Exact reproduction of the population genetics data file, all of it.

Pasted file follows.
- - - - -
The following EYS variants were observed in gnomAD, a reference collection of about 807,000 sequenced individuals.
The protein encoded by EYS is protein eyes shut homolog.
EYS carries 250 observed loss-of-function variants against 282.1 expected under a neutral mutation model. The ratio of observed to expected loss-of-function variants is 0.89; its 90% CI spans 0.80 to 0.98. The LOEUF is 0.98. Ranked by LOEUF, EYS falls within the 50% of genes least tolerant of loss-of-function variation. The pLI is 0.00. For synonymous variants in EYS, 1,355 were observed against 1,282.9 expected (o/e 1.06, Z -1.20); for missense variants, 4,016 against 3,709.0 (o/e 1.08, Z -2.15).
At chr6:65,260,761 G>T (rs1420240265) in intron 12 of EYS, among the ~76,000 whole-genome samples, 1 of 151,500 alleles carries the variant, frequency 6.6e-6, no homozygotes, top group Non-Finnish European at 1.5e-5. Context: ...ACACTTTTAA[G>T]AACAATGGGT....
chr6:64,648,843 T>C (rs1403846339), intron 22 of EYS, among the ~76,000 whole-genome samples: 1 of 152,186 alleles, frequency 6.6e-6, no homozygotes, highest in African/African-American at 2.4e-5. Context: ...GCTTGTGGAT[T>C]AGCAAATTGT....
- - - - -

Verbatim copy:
The following EYS variants were observed in gnomAD, a reference collection of about 807,000 sequenced individuals.
The protein encoded by EYS is protein eyes shut homolog.
EYS carries 250 observed loss-of-function variants against 282.1 expected under a neutral mutation model. The ratio of observed to expected loss-of-function variants is 0.89; its 90% CI spans 0.80 to 0.98. The LOEUF is 0.98. Ranked by LOEUF, EYS falls within the 50% of genes least tolerant of loss-of-function variation. The pLI is 0.00. For synonymous variants in EYS, 1,355 were observed against 1,282.9 expected (o/e 1.06, Z -1.20); for missense variants, 4,016 against 3,709.0 (o/e 1.08, Z -2.15).
At chr6:65,260,761 G>T (rs1420240265) in intron 12 of EYS, among the ~76,000 whole-genome samples, 1 of 151,500 alleles carries the variant, frequency 6.6e-6, no homozygotes, top group Non-Finnish European at 1.5e-5. Context: ...ACACTTTTAA[G>T]AACAATGGGT....
chr6:64,648,843 T>C (rs1403846339), intron 22 of EYS, among the ~76,000 whole-genome samples: 1 of 152,186 alleles, frequency 6.6e-6, no homozygotes, highest in African/African-American at 2.4e-5. Context: ...GCTTGTGGAT[T>C]AGCAAATTGT....